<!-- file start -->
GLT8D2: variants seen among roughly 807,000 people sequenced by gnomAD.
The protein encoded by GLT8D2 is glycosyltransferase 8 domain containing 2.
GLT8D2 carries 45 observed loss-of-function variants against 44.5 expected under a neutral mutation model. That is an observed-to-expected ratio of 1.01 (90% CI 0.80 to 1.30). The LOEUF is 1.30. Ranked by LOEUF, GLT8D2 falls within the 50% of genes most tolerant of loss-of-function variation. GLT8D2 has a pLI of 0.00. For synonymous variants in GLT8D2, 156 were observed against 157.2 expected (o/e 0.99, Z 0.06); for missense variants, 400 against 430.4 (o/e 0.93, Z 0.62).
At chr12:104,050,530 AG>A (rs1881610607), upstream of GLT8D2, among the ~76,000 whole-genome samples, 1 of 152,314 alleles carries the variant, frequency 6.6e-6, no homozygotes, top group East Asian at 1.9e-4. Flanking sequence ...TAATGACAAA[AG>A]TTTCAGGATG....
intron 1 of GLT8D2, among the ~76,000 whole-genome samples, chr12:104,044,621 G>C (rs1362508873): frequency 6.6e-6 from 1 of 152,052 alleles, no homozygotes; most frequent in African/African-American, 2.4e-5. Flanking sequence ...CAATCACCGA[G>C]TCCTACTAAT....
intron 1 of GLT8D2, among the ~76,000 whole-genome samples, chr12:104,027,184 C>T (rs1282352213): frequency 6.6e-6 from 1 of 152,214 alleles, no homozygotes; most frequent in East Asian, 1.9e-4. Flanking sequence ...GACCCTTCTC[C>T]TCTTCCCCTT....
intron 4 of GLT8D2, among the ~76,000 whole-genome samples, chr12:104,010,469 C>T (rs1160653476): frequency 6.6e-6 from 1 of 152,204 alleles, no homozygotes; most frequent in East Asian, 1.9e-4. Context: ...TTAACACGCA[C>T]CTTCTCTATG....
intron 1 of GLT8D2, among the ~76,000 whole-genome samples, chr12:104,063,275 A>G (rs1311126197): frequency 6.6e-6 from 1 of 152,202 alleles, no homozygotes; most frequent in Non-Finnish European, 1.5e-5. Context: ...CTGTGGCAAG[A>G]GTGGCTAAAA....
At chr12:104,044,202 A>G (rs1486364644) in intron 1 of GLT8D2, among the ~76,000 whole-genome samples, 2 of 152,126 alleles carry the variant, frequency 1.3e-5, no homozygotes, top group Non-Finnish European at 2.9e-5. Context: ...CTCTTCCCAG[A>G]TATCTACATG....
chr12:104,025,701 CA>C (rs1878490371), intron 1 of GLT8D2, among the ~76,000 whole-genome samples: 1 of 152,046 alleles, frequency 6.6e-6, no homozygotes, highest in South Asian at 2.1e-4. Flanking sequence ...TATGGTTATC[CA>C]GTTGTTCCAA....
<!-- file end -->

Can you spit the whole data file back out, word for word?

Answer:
GLT8D2: variants seen among roughly 807,000 people sequenced by gnomAD.
The protein encoded by GLT8D2 is glycosyltransferase 8 domain containing 2.
GLT8D2 carries 45 observed loss-of-function variants against 44.5 expected under a neutral mutation model. That is an observed-to-expected ratio of 1.01 (90% CI 0.80 to 1.30). The LOEUF is 1.30. Ranked by LOEUF, GLT8D2 falls within the 50% of genes most tolerant of loss-of-function variation. GLT8D2 has a pLI of 0.00. For synonymous variants in GLT8D2, 156 were observed against 157.2 expected (o/e 0.99, Z 0.06); for missense variants, 400 against 430.4 (o/e 0.93, Z 0.62).
At chr12:104,050,530 AG>A (rs1881610607), upstream of GLT8D2, among the ~76,000 whole-genome samples, 1 of 152,314 alleles carries the variant, frequency 6.6e-6, no homozygotes, top group East Asian at 1.9e-4. Flanking sequence ...TAATGACAAA[AG>A]TTTCAGGATG....
intron 1 of GLT8D2, among the ~76,000 whole-genome samples, chr12:104,044,621 G>C (rs1362508873): frequency 6.6e-6 from 1 of 152,052 alleles, no homozygotes; most frequent in African/African-American, 2.4e-5. Flanking sequence ...CAATCACCGA[G>C]TCCTACTAAT....
intron 1 of GLT8D2, among the ~76,000 whole-genome samples, chr12:104,027,184 C>T (rs1282352213): frequency 6.6e-6 from 1 of 152,214 alleles, no homozygotes; most frequent in East Asian, 1.9e-4. Flanking sequence ...GACCCTTCTC[C>T]TCTTCCCCTT....
intron 4 of GLT8D2, among the ~76,000 whole-genome samples, chr12:104,010,469 C>T (rs1160653476): frequency 6.6e-6 from 1 of 152,204 alleles, no homozygotes; most frequent in East Asian, 1.9e-4. Context: ...TTAACACGCA[C>T]CTTCTCTATG....
intron 1 of GLT8D2, among the ~76,000 whole-genome samples, chr12:104,063,275 A>G (rs1311126197): frequency 6.6e-6 from 1 of 152,202 alleles, no homozygotes; most frequent in Non-Finnish European, 1.5e-5. Context: ...CTGTGGCAAG[A>G]GTGGCTAAAA....
At chr12:104,044,202 A>G (rs1486364644) in intron 1 of GLT8D2, among the ~76,000 whole-genome samples, 2 of 152,126 alleles carry the variant, frequency 1.3e-5, no homozygotes, top group Non-Finnish European at 2.9e-5. Context: ...CTCTTCCCAG[A>G]TATCTACATG....
chr12:104,025,701 CA>C (rs1878490371), intron 1 of GLT8D2, among the ~76,000 whole-genome samples: 1 of 152,046 alleles, frequency 6.6e-6, no homozygotes, highest in South Asian at 2.1e-4. Flanking sequence ...TATGGTTATC[CA>C]GTTGTTCCAA....